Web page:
My 2 cents: While I think it’s great to get your little one on a routine we (when I say we, I mean I)should be realistic about the length of nap times especially for babies under six months. Most doctors agree that most babies are “short nappers” up until six months of age. Sleeping long periods (naps and bedtime) is a milestone just like crawling, walking etc. I think establishing a routine is a great thing, but I believe in taking the time to learn YOUR baby’s sleep habits, because it may not be “by the book” and sometimes that’s okay. I’m preaching to myself as I type, because I’m all about “oh, he’s suppose to sleep one and a half hours exactly…crap! he only slept for an hour and wouldn’t go back to sleep…what did I do wrong” The answer is NOTHING. Sounds so simple eh? I guess I’m just a bone head.
If you leave your baby to cry it out, they will have issues with feeling insecure and abandoned.
My 2 cents: Those that know me know that I haven’t been a fan of the cry it out method. Mainly because I don’t feel right leaving my child to scream so I can have “order” to my day. However, I think it’s important to again learn your baby. I’ve found that if I let my son do a “mantra cry” that this is a perfectly acceptable way for him to settle himself into a good sleep. I also feel that age is a factor too. All babies develop at different rates, but I do believe that there is an age that is too early to let a baby cry it out…even a mantra cry. Each Mom has to figure out what time crying it out will work best for their baby. As for the debate of whether or not crying it out will leave your child feeling abandoned and insecure, I think that this can certainly be the case with some instances. Like anything…some things can be WAAAAY overdone.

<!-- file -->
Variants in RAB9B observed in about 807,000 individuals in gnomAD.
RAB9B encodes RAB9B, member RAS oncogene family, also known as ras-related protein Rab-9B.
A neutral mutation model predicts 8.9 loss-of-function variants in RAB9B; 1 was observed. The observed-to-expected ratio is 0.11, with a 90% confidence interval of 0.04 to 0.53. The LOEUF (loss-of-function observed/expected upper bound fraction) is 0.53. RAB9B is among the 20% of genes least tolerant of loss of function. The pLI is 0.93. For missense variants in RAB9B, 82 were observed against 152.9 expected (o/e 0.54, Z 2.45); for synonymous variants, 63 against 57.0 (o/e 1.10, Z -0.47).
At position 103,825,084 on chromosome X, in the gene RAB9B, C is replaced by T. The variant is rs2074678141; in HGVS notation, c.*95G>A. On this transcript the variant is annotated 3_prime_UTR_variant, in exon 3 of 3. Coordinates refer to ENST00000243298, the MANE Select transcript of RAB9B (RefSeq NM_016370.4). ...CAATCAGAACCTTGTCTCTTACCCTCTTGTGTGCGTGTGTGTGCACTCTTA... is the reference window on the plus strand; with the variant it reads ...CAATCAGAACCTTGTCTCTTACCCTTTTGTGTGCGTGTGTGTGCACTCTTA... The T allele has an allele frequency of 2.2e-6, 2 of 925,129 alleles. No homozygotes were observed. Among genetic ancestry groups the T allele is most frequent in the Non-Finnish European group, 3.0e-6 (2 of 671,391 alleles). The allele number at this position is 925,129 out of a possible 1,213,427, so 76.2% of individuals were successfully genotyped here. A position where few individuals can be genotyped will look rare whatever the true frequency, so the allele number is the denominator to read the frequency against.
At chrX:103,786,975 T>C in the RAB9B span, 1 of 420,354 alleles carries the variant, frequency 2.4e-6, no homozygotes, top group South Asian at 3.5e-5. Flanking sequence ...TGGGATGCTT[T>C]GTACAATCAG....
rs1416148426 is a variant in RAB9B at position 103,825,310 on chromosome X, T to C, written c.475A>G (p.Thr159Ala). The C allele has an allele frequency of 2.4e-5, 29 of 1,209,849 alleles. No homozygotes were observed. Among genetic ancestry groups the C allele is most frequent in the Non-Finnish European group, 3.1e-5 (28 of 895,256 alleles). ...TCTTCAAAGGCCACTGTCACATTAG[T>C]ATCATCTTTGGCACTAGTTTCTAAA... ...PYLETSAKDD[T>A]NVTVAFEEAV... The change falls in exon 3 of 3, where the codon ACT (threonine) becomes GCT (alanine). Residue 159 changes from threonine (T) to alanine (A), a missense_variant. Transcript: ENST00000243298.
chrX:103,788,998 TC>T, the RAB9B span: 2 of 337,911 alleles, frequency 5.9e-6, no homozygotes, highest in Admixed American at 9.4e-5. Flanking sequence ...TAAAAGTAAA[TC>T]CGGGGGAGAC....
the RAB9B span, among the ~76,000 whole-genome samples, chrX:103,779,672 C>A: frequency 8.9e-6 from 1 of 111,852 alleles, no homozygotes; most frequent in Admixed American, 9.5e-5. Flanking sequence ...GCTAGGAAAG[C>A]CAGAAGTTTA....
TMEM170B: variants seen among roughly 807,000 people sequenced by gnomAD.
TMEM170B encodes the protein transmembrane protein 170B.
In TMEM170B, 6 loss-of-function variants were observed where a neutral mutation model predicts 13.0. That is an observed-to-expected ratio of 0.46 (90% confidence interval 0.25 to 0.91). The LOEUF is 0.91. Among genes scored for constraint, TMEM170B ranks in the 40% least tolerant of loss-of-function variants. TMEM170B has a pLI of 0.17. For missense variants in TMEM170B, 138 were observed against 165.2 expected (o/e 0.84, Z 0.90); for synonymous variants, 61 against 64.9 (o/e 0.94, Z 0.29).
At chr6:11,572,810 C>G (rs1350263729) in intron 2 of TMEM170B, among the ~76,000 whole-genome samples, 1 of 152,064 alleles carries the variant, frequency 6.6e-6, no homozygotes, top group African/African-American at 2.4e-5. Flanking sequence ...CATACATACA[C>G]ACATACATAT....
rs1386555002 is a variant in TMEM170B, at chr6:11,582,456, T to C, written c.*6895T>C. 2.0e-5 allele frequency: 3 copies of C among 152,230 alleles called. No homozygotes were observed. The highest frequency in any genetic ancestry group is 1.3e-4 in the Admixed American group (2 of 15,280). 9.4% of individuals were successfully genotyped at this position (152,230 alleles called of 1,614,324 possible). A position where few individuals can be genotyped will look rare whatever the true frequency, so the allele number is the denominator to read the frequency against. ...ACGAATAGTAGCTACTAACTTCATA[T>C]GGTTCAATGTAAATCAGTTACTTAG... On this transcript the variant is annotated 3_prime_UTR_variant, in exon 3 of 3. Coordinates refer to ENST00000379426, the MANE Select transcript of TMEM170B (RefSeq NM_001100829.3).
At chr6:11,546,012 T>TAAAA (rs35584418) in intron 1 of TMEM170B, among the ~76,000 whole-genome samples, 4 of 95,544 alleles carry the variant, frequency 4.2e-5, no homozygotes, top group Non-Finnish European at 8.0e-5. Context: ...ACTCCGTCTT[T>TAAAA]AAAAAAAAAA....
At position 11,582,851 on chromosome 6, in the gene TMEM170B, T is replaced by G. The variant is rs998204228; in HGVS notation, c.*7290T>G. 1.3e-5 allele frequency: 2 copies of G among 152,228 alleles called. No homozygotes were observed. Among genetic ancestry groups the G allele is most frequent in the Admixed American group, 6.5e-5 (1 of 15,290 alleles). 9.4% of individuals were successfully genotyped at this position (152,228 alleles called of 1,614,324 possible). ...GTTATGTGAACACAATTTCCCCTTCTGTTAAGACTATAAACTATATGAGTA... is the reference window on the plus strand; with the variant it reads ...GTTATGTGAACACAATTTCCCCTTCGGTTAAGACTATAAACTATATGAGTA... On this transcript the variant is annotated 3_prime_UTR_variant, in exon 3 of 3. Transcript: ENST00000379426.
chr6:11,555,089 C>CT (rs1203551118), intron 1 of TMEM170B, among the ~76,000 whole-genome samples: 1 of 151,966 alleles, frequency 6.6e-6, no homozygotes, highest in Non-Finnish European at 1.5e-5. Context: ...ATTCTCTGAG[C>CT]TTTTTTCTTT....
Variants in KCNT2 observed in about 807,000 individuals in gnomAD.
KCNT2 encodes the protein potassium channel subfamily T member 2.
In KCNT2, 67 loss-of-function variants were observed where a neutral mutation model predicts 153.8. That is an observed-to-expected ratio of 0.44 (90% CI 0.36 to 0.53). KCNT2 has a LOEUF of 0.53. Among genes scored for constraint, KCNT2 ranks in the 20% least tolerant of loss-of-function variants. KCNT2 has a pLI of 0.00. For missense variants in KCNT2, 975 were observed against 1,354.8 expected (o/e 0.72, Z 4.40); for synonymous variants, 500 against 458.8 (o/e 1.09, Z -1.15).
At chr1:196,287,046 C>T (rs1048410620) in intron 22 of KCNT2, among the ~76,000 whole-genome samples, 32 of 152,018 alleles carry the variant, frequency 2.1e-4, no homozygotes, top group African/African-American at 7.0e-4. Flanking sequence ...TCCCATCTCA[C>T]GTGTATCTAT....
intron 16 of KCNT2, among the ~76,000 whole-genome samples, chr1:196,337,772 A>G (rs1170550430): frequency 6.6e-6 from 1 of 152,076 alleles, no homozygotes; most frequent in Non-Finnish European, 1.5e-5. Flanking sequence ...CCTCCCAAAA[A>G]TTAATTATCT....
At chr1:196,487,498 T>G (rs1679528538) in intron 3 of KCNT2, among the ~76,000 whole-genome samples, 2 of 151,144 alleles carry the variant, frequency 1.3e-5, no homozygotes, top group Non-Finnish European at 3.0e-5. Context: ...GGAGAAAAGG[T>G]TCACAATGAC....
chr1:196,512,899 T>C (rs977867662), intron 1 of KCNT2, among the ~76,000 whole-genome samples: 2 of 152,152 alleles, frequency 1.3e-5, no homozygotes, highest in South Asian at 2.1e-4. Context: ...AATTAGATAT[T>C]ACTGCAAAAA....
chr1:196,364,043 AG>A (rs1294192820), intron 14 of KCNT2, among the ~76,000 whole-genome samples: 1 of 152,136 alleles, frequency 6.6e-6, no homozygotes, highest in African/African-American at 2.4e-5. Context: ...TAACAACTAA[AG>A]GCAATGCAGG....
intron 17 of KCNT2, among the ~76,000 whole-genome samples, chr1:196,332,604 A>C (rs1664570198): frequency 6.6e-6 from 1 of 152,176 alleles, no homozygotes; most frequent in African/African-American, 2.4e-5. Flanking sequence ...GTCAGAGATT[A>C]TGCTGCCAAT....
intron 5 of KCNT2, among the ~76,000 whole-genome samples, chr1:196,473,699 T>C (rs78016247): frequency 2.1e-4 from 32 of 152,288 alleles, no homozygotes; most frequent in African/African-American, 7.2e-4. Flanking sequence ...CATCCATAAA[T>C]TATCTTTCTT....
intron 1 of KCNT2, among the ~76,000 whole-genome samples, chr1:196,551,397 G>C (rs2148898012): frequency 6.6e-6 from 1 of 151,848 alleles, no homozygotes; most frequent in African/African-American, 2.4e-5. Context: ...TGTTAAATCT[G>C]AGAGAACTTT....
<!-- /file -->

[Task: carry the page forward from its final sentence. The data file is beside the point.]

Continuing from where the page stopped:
You should never rock or feed your baby or have them depend on a pacifier in order to fall asleep